Naphthalimides and azonafides as promising anti-cancer agents
2区 · 医学
作者: Ingrassia, Laurent ; Lefranc, Florence ; Kiss, Robert ; Mijatovic, Tatjana
Naphthalimides, a class of compounds which bind to DNA by intercalation, have shown high anti-cancer activity against a variety of murine and more notably human cancer cell lines. Azonafide derivatives are also potential anti-tumor agents which are structurally related to the naphthalimides. Derivatives of azonafide have shown enhanced activity against various cancer models, especially leukemias, breast cancer and melanoma. Naphthalimides in general and amonafide in particular, are most probably the agents which have been involved in the greatest number of clinical trials without ever acceding to the market because of dose-limiting toxicity. This statement also reflects the immense interest that oncologists have paid to this class of compounds with respect to their anti-cancer potential. While the first generation of naphthalimides were mainly topoisomerse II poisons, some new compounds display novel mechanism of action. In contrast to the most widely used topo II poisons, including etoposide, adriamycin and their analogues, which often induce multi-drug resistance, several naphthalimide-related compounds have been reported not to be affected by this phenomenon. Multi-disciplinary approaches including medicinal chemistry, early toxicology and DMPK, in vivo activity assessment in diverse preclinical models and in-depth mechanism of action deciphering, along with the lessons learnt from previous and currently ongoing clinical trials, have resulted in the generation of a number of novel promising naphthalimide derivatives. It is thus reasonable to expect that members of this class of compounds will reach the oncology market in the near future.
2008-01-01·Chemistry - A European Journal2区 · 化学
Anthracene carboxyimides and their dimers
2区 · 化学
作者: Langhals, Heinz ; Schoenmann, Gertrud ; Polborn, Kurt
Soluble anthracenedicarboxyimides have been prepared and undergo a photodimerisation of the anthracene skeleton, which is important for their application as antitumour agents, such as azonafides. Reaction under strongly alkaline conditions causes C-C coupling to form soluble dimeric fluorescent dyes with bathochromic absorption and fluorescence in the NIR region. These dyes are of special interest because of their absorption at longer wavelengths.
2001-03-01·Anti-Cancer Drugs4区 · 医学
Preclinical antitumor activity of the azonafide series of anthracene-based DNA intercalators
4区 · 医学
作者: Dorr, Robert T. ; Liddil, James D. ; Sami, Salah M. ; Remers, William ; Hersh, Evan M. ; Alberts, David S.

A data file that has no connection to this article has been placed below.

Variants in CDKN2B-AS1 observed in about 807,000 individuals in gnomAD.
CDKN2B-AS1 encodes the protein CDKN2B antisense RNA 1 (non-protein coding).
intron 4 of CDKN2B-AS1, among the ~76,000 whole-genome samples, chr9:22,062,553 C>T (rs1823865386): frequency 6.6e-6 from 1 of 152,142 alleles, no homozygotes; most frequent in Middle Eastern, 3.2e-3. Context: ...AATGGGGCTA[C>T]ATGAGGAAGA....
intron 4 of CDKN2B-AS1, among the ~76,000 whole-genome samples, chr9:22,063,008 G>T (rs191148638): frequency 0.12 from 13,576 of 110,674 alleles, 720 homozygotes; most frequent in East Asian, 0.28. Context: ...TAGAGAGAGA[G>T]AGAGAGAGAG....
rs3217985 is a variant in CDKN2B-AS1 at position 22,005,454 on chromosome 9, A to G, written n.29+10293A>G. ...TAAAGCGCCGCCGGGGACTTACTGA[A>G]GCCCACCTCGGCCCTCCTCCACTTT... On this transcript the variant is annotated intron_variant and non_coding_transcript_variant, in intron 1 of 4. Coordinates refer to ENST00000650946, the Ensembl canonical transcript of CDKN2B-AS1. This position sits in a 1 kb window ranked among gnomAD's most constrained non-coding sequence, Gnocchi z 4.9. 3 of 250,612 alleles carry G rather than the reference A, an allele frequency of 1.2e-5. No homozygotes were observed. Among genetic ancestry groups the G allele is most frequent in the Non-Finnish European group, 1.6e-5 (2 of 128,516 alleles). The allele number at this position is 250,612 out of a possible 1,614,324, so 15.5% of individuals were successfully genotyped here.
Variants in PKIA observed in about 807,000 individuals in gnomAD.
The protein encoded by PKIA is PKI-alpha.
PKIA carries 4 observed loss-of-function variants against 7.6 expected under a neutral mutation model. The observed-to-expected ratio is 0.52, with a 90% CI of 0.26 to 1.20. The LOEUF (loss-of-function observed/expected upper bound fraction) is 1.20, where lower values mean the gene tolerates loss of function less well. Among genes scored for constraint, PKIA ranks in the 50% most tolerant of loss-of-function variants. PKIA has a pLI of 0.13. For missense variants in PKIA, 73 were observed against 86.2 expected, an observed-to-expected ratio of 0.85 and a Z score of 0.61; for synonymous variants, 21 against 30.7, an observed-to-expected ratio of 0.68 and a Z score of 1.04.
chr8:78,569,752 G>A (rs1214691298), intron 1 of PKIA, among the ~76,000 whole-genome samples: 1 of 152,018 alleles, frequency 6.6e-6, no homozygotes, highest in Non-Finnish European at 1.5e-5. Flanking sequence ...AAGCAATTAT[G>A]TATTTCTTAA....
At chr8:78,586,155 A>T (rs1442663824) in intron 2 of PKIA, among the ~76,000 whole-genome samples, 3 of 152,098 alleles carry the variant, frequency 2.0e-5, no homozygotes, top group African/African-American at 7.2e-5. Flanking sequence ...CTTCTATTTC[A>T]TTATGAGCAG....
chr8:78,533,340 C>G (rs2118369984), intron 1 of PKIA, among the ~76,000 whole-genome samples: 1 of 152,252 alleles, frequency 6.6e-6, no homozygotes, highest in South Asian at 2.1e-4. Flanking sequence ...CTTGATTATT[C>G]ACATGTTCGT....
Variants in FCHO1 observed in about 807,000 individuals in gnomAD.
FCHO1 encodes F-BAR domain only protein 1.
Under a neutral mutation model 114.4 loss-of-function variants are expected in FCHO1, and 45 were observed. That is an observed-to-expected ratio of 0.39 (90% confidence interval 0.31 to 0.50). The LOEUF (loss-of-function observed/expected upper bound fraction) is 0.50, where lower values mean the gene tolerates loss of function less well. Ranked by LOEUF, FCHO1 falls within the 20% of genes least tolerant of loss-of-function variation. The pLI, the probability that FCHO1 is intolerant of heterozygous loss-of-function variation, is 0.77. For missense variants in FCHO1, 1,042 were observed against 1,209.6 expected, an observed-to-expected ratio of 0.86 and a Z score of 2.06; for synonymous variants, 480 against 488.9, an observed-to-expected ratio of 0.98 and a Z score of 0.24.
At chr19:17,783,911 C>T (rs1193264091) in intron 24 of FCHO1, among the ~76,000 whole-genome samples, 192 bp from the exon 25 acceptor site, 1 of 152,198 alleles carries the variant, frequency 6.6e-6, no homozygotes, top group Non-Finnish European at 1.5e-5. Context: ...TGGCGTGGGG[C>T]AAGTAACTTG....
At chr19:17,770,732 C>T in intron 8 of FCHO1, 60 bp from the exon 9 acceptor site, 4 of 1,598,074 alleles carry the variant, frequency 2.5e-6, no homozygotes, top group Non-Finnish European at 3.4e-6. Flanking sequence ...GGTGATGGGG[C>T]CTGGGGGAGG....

The azonafides are a series of anthracene-based DNA intercalators which inhibit tumor cell growth in vitro at low nanomolar concentrations and are not affected by the multidrug resistance phenomenon (MDR). Prior studies have described antitumor efficacy in murine tumor models including L-1210 and P-388 leukemias, and B-16 melanoma. The current results extend these cell line observations to human tumors tested in the NCI panel of 56 cell lines, in freshly isolated tumors tested in colony-forming assays in soft agar and in several animal models. In the NCI panel, the overall mean 50% cell kill (LC50) for the unsubstituted azonafide, AMP-1, was 10(-5.53) M, with some selectivity noted in melanomas (10(-6.22) M). The mean LC50 for the 6-ethoxy substituted analog, AMP-53, was 10(-5.53) M, with some selectivity found in non-small cell lung cancer (10(-5.91)) and renal cell carcinoma (10(-5.84)). In freshly isolated human tumors tested in soft agar, there was marked activity (mean IC50 in microg/ml) for AMP-53 in four cell types: breast cancer (0.09), lung cancer (0.06), renal cell carcinomas (0.06) and multiple myeloma (0.03). These effects were superior to doxorubicin and to several other azonafides, including AMP-1, AMP-104 and the 6-hydroxyethoxy derivative, AMP-115. Compound AMP-1 was shown to be superior to amonafide in the mammary 16C breast cancer model in B6CF31 mice, but it had little activity in Colon-38 nor in M5076 ovarian sarcomas in vivo. Nine azonafides were evaluated in the Lewis lung cancer model in C57/bl mice, but only AMP-53 demonstrated significant efficacy with a treated/control x 100% (T/C) value of 30%. Because AMP-53 demonstrated the greatest breadth of activity, it was then evaluated in several human tumor cell lines growing in mice with severe combined immunodeficiency disease (SCID). Only three tumors were sensitive (T/C<42%), including HL-60 leukemia (T/C=39%), MCF-7 breast cancer (T/C=39%) and A549 non-small cell lung cancer (T/C=37%). Overall, these results demonstrate that the 6-ethoxy substituted azonafide, AMP-53, has consistent (in vitro and in vivo) experimental antitumor activity in human breast and lung cancer, and could be considered for clinical testing in patients with MDR tumors.